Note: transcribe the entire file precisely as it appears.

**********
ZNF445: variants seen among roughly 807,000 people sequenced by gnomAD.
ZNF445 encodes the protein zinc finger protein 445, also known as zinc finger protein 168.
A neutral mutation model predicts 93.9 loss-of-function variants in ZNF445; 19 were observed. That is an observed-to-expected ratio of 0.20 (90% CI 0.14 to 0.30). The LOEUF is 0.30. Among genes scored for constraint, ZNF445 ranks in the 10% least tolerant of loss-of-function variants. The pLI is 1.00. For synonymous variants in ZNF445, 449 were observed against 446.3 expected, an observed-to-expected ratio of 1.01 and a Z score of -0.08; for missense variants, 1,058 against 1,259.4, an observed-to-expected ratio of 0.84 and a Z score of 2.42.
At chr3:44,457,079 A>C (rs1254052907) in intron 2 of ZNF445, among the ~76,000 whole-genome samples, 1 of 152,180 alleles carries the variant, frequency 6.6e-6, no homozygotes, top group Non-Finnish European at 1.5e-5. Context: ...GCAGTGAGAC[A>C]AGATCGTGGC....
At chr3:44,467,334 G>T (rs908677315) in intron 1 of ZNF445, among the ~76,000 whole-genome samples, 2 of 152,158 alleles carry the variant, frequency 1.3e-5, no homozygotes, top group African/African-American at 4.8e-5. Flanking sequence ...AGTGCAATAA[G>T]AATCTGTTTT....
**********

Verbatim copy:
ZNF445: variants seen among roughly 807,000 people sequenced by gnomAD.
ZNF445 encodes the protein zinc finger protein 445, also known as zinc finger protein 168.
A neutral mutation model predicts 93.9 loss-of-function variants in ZNF445; 19 were observed. That is an observed-to-expected ratio of 0.20 (90% CI 0.14 to 0.30). The LOEUF is 0.30. Among genes scored for constraint, ZNF445 ranks in the 10% least tolerant of loss-of-function variants. The pLI is 1.00. For synonymous variants in ZNF445, 449 were observed against 446.3 expected, an observed-to-expected ratio of 1.01 and a Z score of -0.08; for missense variants, 1,058 against 1,259.4, an observed-to-expected ratio of 0.84 and a Z score of 2.42.
At chr3:44,457,079 A>C (rs1254052907) in intron 2 of ZNF445, among the ~76,000 whole-genome samples, 1 of 152,180 alleles carries the variant, frequency 6.6e-6, no homozygotes, top group Non-Finnish European at 1.5e-5. Context: ...GCAGTGAGAC[A>C]AGATCGTGGC....
At chr3:44,467,334 G>T (rs908677315) in intron 1 of ZNF445, among the ~76,000 whole-genome samples, 2 of 152,158 alleles carry the variant, frequency 1.3e-5, no homozygotes, top group African/African-American at 4.8e-5. Flanking sequence ...AGTGCAATAA[G>T]AATCTGTTTT....